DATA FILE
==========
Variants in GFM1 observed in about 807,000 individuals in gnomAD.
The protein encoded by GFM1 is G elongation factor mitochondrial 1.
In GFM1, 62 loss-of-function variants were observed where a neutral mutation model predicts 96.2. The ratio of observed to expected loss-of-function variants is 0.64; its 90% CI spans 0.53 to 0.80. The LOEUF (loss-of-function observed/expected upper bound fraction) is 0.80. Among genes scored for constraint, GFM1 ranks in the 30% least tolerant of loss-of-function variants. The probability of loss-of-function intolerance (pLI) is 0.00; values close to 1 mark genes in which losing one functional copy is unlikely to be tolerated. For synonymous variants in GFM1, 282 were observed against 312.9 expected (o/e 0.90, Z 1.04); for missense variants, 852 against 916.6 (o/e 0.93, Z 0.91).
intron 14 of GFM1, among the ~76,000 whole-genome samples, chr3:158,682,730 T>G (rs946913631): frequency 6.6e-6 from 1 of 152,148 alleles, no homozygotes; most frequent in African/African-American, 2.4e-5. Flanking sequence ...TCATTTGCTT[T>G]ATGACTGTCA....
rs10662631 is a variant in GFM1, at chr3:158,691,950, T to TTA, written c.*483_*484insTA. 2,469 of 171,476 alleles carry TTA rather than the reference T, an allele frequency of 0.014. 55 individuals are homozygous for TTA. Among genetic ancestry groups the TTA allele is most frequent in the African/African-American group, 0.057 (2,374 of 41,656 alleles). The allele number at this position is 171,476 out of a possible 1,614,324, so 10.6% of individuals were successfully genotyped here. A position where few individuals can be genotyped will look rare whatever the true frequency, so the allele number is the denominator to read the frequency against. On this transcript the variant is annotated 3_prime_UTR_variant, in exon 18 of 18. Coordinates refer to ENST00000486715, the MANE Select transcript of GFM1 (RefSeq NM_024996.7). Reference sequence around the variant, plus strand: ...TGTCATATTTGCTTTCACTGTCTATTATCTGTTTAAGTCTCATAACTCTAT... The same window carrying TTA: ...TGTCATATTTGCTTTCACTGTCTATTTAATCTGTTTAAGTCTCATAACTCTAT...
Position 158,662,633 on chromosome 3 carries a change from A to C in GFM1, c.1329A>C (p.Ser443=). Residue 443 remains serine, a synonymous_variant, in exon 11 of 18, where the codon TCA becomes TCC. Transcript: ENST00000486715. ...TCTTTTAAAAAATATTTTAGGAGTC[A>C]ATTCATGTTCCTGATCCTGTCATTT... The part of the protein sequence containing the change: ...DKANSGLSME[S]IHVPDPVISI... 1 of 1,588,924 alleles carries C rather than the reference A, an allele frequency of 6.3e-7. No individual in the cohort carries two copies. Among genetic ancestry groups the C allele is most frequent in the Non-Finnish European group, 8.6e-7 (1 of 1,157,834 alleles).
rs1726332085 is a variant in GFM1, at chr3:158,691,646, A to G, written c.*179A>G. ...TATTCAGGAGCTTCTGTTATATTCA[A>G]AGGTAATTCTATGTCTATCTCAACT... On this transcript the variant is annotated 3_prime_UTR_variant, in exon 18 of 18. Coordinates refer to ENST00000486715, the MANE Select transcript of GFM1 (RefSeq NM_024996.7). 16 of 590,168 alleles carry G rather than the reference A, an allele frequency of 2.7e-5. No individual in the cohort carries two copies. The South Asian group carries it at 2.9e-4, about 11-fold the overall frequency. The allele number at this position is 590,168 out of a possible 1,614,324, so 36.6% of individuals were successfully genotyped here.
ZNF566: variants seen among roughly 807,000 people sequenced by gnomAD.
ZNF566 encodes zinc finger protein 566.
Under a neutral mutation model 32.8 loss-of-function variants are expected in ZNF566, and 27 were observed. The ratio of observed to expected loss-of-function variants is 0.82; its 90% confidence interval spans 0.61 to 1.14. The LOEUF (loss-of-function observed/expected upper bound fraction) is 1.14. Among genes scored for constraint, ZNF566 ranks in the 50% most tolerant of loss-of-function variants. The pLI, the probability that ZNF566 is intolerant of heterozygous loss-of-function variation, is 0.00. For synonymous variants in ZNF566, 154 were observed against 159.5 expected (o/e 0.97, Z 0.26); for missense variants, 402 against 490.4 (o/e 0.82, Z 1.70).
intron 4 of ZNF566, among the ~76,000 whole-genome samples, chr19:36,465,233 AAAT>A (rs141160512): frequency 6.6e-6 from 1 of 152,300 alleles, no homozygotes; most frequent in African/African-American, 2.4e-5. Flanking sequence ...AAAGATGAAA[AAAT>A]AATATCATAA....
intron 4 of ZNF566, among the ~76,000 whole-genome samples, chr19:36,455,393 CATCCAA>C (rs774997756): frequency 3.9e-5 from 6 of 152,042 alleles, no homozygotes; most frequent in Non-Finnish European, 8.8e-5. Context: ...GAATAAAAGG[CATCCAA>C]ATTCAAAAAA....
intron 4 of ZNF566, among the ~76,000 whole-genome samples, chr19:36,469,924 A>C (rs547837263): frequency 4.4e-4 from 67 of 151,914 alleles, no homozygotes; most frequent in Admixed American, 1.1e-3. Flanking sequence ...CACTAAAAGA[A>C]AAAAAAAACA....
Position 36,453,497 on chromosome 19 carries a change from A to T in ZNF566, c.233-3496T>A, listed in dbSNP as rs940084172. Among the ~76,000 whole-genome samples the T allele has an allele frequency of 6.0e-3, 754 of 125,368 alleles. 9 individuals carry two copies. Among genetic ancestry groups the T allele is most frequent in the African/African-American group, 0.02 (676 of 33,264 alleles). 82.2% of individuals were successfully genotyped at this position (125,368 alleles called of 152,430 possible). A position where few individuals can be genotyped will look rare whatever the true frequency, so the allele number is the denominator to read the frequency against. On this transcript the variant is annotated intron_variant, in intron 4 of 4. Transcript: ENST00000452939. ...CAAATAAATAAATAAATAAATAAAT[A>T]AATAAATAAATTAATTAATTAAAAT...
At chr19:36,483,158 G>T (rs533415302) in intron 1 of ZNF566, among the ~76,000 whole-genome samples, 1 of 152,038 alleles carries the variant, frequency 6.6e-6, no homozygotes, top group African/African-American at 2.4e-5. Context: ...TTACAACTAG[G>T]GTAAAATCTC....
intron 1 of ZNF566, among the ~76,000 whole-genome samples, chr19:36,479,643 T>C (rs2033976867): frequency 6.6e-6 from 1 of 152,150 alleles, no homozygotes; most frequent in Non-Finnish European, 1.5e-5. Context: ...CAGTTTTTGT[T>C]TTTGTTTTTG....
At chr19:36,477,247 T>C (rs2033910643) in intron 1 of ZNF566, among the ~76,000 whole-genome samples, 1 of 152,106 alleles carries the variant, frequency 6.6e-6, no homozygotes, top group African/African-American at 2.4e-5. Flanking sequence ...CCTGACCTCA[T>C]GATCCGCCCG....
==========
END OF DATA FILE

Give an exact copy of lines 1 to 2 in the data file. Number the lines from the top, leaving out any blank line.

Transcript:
Variants in GFM1 observed in about 807,000 individuals in gnomAD.
The protein encoded by GFM1 is G elongation factor mitochondrial 1.